By PAT PRATT
Over staunch opposition by an adjacent 55-plus living community, the Troy Planning Commission on Thursday [Dec. 8, 2022] voted to recommend a zoning change from residential to commercial for a property where a storage business is planned.
During the meeting, commission members voted 4-1 to recommend approval of the change for the 11-acre property 2466 Formosa Road. The recommendation will now go to the city council, which will make the final decision at the upcoming Dec. 19 meeting.
The change was requested by James Malecek, of St. Louis, who seeks to purchase and develop the property to offer storage units, as well as boat and recreational vehicle storage, according to preliminary design documents.
Malecek was the first to speak during the public comment portion of the meeting, saying the business would have a natural, green-space-type barrier between the business and the adjoining neighborhood, a retention pond to alleviate flooding and fencing, and lighting in place for security.
The entrance will be located on Formosa Road, whereas the entrance to the Seasons Village subdivision is located on Bouse Road. Thus, traffic would not be an issue to the residents, Malecek noted. He said was there to listen to the neighbor’s concerns and adjust plans if possible.
Other supporters of the proposed development followed, some saying that of possible businesses or facilities which might occupy the land, a storage facility was a less disruptive option.
Mark Mancewicz, President of the Cedars Village Homeowners Association, voiced concerns held by the residents, saying for many in the 55-plus living community this would likely be their last home purchase. A drastic change from the farmland next door to which they had become accustomed to a commercial enterprise was a big jump and not something they welcomed.
Historically, the land was zoned agricultural and was not incorporated into Troy city limits until October. Following the voluntary annexation, which was requested by the owner, the Clarence and Ellinor Adelhart Trust, the land was zoned residential. Board members during the meeting said that is always the default position in such cases until a change is requested.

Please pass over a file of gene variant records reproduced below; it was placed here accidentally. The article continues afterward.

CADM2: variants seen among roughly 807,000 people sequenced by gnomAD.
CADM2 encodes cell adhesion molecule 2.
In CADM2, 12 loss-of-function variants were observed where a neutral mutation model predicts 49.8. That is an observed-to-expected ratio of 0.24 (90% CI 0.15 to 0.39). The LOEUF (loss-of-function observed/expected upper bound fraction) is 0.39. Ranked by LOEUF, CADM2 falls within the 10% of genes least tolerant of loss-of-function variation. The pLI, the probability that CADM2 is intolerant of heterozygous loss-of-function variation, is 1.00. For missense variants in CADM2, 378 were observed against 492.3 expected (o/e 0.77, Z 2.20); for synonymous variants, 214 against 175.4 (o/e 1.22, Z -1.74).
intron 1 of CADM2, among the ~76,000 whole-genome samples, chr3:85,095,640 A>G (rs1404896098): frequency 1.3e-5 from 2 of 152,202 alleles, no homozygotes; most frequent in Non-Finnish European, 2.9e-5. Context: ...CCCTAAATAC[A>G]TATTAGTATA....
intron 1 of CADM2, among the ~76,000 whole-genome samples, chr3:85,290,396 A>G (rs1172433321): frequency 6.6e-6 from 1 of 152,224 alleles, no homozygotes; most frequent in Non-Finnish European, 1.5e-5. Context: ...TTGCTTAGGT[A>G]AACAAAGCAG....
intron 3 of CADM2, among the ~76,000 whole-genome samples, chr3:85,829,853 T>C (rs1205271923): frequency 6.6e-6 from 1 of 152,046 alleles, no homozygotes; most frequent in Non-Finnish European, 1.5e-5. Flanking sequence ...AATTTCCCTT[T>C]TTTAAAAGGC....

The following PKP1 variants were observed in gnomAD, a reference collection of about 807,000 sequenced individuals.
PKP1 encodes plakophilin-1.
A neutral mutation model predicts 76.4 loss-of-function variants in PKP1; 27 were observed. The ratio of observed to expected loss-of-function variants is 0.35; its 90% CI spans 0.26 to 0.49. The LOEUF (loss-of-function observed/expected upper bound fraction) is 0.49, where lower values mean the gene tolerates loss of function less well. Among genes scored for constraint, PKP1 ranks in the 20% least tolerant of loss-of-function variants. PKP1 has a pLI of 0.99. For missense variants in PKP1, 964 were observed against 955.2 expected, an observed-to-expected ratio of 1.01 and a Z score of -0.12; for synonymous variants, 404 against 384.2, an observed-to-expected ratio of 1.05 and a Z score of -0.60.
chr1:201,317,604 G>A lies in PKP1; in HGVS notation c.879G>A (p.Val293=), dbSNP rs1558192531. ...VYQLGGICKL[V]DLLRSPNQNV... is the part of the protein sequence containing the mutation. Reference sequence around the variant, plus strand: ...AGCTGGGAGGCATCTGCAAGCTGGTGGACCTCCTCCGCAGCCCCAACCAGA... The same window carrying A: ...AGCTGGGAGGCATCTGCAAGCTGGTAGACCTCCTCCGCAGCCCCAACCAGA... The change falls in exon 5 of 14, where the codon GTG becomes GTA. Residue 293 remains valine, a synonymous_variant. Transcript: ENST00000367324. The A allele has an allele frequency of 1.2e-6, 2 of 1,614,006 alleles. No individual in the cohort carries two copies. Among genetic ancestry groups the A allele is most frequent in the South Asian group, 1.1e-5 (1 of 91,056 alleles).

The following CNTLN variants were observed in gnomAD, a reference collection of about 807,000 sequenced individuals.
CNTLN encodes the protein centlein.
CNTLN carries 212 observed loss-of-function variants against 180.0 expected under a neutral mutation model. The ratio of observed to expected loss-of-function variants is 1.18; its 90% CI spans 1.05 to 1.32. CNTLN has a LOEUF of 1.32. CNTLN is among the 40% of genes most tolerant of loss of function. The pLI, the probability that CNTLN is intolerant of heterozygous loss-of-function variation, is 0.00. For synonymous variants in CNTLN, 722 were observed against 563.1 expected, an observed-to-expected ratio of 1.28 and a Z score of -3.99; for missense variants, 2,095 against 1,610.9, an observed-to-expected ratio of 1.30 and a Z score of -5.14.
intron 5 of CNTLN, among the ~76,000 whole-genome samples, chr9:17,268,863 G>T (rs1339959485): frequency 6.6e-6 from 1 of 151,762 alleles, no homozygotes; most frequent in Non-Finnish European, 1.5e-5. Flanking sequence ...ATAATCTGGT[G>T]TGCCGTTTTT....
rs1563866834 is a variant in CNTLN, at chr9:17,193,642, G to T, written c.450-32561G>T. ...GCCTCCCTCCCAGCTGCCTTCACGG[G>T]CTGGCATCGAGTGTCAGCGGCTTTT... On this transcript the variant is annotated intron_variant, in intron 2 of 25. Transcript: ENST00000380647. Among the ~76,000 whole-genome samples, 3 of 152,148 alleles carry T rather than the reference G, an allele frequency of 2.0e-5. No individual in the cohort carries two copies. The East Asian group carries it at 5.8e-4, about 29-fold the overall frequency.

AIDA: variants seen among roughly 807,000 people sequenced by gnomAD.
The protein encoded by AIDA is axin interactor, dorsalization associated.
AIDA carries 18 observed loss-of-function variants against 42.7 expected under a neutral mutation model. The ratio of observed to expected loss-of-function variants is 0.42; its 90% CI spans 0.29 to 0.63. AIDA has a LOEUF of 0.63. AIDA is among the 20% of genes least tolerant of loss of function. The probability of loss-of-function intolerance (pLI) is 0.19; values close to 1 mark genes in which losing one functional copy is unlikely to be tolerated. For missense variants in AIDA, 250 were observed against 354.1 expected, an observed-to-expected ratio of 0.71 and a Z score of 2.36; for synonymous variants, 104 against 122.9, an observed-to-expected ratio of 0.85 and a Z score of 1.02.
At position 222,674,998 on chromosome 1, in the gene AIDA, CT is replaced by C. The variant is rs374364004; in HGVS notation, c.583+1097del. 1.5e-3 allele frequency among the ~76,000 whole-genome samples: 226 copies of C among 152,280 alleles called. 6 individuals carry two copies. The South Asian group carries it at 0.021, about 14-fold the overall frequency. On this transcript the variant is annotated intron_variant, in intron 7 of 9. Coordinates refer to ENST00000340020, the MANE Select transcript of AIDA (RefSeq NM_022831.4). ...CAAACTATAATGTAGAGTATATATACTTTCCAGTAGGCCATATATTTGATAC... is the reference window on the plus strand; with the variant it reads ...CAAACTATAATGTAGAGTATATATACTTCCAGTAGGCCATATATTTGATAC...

Mancewicz, who noted all 46 property owners in the community were in opposition, also touched on potential decreases in property values, the aesthetics of the neighborhood, security concerns with out-of-area users accessing the storage facility, and 24-7 lighting to illuminate the facility. Drainage was also a major concern for community residents, as many said periodic flooding has long been a concern in the area.
Concerns were also raised over the preliminary layout of the facility, which residents in opposition to the change pointed out was different from what was presented at the meeting.
The 11-acre parcel in question is part of a larger 20-acre property, which is bordered to the east by Formosa Road, to the south by Bouse Road and to the west by Seasons Village. Original preliminary layouts showed the business occupying a north-to-south running parcel on the eastern side of the property, thereby creating a nine-acre buffer between the subdivision and the business.
A preliminary layout presented Thursday showed the property divided along an east and west line, butting the storage facility property line against the neighborhood. Community residents thus questioned what would be the fate, zoning-wise, of that nine-acre parcel as well. It was not made clear during the meeting why Malecek initiated the change.
Cynthia Westfall, who is trustee for the property through the trust, and other members of the Westfall family also spoke at the meeting. They noted when their father developed the land he was required to meet commercial standards for improvements. Across from the property, on the eastern side of Formosa Road and west of Interstate 55, properties are zoned industrial and host a concrete plant, a commercial truck facility and other commercial enterprises.
Also raised at the meeting was the city’s growth management plan, which in 2018 showed that the property in question had been earmarked for heavy industrial use. Given the current makeup of the area, commission members questioned whether the residential community should have been zoned as such in 2008 upon its implementation.
In the end, the commission sided with Malecek and supporters and approved a recommendation to the city council the property be rezoned to commercial, with a caveat that the business adhere to a 100-foot setback requirement instead of the 30-foot requirement mandated for buildings in commercial zones by current city ordinance.
A breakdown of the 4-1 vote shows commission member Larry Talbert casting the lone “no” vote, with members Liz Compton, John Nehrt, Matt Reiter and Jami Stone approving the change. While the city council will have final say, homeowners in the adjacent community expressed their disappointment following the meeting.
“It was slightly obvious they (the commission) had already done quite a bit of talking behind the scenes,” Mancewicz said. “Obviously, developers are constantly working with our community leaders on these things. It was disappointing.”
“The most important thing for these folks was having peace and quiet and a safe, secure neighborhood. Now you are going to introduce members of the general public coming in and out of a storage facility.”
(IBJ EDITOR’S NOTE: This story was prepared by and first published in the Troy Times-Tribune.)